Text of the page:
Up to 19,250 homes and businesses in hitherto hard-to-reach parts of Cornwall are to gain access to gigabit broadband after the UK government announced the latest part of its £5bn Project Gigabit national broadband programme.
Over the past two years or so, it would seem hardly a week has passed without a full-fibre broadband deployment by one service provider or another, with more than four in 10 homes now able to access gigabit connectivity, according to the annual Connected nations report from communications regulator Ofcom, released in December 2022.
The study, which measures the availability of broadband and mobile services across the UK, found that full-fibre connections are now available to 12.4 million households (42%) – some 4.3 million more than last year. In total, gigabit-capable broadband through a range of technologies is now available to 70% of the UK (nearly 21 million homes), up from 47% in 2021.
It also noted that 37% of UK households could obtain full-fibre broadband capable of delivering download speeds of up to 1Gbps, representing a reach of 11 million premises, with nearly 20.2 million UK homes (68%) able to access these faster services.
Yet the report also warned of the enduring digital divide that exists in the UK. The report found that nearly 80,000 homes and businesses (0.3%) do not have access to “decent” broadband, defined by the UK government as offering download speeds of 10Mbps and upload speeds of 1Mbps. This figure has fallen from 123,000 last year, and Ofcom estimates that a further 15,000 of these premises will be covered by publicly funded roll-out schemes in the next 12 months. Not surprisingly, the majority of those without were located in the hardest-to-reach parts of the UK.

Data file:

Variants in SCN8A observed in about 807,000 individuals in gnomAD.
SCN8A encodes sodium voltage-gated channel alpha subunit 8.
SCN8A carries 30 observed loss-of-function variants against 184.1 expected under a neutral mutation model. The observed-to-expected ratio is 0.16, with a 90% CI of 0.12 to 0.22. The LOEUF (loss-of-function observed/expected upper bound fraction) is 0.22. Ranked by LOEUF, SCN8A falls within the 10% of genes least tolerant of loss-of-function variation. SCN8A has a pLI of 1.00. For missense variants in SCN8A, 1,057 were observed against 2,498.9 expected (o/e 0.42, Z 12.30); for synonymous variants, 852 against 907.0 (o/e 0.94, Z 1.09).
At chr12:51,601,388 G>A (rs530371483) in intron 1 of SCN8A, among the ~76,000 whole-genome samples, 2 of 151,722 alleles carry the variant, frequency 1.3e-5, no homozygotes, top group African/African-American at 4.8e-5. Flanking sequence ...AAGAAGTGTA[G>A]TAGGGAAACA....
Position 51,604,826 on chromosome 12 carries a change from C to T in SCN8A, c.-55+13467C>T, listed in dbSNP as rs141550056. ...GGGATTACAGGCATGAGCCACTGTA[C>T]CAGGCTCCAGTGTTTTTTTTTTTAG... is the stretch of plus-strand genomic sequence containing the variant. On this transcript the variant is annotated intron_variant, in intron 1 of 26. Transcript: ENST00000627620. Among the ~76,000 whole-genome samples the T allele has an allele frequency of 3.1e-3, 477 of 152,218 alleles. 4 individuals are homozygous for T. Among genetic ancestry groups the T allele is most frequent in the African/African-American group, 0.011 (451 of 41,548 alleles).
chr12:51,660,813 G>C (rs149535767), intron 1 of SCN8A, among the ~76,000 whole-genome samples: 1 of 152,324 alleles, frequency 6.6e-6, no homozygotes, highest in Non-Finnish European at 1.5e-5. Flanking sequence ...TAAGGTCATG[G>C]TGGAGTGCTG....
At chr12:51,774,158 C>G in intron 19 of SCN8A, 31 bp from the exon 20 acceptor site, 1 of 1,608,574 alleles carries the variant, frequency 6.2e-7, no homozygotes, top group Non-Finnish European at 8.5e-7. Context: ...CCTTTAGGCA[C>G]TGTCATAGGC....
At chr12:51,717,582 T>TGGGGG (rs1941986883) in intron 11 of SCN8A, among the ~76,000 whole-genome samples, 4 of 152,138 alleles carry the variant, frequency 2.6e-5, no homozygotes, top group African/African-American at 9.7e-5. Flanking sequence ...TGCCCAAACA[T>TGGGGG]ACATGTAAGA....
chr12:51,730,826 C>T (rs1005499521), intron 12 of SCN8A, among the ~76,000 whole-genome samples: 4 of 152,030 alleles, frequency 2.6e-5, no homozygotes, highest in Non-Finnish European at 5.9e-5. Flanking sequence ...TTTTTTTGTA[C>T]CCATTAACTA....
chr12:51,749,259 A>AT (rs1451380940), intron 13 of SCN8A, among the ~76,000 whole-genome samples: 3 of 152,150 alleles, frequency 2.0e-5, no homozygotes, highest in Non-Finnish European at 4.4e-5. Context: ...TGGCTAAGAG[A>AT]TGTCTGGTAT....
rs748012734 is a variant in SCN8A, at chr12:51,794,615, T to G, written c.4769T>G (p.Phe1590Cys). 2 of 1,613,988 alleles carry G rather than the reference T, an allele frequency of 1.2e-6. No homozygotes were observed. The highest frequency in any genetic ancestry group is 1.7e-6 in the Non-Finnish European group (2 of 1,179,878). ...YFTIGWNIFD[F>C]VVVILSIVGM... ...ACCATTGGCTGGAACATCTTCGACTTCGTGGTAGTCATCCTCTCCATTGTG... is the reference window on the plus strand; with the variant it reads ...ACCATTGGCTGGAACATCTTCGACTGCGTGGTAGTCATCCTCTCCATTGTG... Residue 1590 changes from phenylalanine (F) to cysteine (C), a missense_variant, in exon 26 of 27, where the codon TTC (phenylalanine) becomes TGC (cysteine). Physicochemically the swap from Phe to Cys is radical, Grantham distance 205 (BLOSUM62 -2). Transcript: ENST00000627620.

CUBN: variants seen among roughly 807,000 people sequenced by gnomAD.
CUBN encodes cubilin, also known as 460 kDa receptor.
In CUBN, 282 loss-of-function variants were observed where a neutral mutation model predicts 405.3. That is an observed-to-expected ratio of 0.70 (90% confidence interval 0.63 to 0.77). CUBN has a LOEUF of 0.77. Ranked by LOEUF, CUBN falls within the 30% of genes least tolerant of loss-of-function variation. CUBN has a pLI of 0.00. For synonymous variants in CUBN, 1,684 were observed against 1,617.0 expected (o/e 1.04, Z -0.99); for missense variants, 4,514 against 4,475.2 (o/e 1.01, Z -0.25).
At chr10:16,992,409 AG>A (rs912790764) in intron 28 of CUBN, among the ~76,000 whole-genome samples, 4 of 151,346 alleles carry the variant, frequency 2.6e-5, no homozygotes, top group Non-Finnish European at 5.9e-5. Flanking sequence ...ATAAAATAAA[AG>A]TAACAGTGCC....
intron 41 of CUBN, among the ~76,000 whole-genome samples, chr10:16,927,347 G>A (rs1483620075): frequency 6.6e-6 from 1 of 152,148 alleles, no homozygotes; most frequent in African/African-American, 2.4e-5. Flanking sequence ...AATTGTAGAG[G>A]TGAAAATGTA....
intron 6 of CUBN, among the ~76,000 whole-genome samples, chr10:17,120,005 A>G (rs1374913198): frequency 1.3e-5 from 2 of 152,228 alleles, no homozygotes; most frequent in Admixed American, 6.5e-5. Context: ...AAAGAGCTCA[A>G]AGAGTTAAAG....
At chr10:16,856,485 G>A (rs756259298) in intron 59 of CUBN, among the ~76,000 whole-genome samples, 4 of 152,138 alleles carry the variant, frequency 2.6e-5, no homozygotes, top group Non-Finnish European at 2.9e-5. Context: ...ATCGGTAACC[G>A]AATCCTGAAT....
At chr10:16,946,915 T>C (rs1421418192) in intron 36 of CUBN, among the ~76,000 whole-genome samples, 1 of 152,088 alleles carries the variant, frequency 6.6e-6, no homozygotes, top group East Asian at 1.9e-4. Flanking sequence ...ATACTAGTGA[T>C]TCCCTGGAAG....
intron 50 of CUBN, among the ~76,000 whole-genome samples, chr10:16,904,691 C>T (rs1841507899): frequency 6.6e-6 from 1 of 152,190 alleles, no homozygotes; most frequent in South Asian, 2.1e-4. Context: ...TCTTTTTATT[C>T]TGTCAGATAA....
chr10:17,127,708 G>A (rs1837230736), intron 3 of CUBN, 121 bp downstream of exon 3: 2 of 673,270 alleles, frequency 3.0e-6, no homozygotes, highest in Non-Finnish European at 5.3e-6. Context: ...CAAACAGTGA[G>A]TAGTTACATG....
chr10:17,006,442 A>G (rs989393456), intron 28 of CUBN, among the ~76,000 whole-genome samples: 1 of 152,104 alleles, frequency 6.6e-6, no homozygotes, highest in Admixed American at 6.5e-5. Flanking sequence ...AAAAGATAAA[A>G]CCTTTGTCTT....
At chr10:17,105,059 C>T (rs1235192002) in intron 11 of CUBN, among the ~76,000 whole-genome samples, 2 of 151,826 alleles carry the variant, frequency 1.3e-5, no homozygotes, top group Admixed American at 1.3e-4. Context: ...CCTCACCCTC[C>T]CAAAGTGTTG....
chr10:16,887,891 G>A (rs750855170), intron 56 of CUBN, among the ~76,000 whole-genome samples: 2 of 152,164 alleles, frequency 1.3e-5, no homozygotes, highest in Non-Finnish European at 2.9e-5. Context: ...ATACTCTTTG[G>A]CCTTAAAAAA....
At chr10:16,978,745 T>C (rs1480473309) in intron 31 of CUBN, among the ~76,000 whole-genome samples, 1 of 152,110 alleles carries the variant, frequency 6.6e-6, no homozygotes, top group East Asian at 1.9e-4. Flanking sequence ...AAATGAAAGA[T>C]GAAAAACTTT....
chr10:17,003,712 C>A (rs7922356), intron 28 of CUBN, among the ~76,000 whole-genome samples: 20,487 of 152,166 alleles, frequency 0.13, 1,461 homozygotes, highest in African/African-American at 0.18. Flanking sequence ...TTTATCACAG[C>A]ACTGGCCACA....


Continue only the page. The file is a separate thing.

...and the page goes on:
Under Project Gigabit, the UK government aims to deliver next-generation gigabit broadband to more than a million homes and businesses in such hard-to-reach places, complementing industry investment from the likes of Openreach, Virgin Media and CityFibre, and ensuring such areas benefit from the same gigabit broadband as the rest of the country.
After similar announcements covering rural Teesdale and Dorset, the UK government has awarded Cornish connectivity provider Wildanet with two contracts worth £36m to supply hard-to-reach areas in the region with better broadband. Work will start immediately to survey rural homes and businesses from Newquay to Fowey. Building work to connect those in need to the fastest broadband on the market is set to begin this summer.
Wildanet is already investing more than £50m in a 10Gbps broadband network to serve homes, businesses and communities across Cornwall and Devon. As a result of these new contracts, Wildanet expects to create 200 jobs on top of the 150 it has created in the area already. This will include a range of skilled roles across the build operation – including network design, surveying and partner management – plus engineering and head office roles. It also believes there will also be indirect opportunities for local companies, such as civil contractors and through the supply chain.
“This is great news for remote communities in Cornwall as we continue to connect Cornwall’s homes and businesses to full-fibre broadband in non-urban areas, with the economic and social transformation that brings,” commented Wildanet CEO Helen Wylde.
“The funding from the government will help to breathe new life into Cornwall’s rural communities and give people access to the opportunities that gigabit broadband provides. It will also send out a positive signal to remote communities across the country, which, to date, do not have the broadband connectivity to benefit from the digital age that many of us now take for granted in our daily lives.”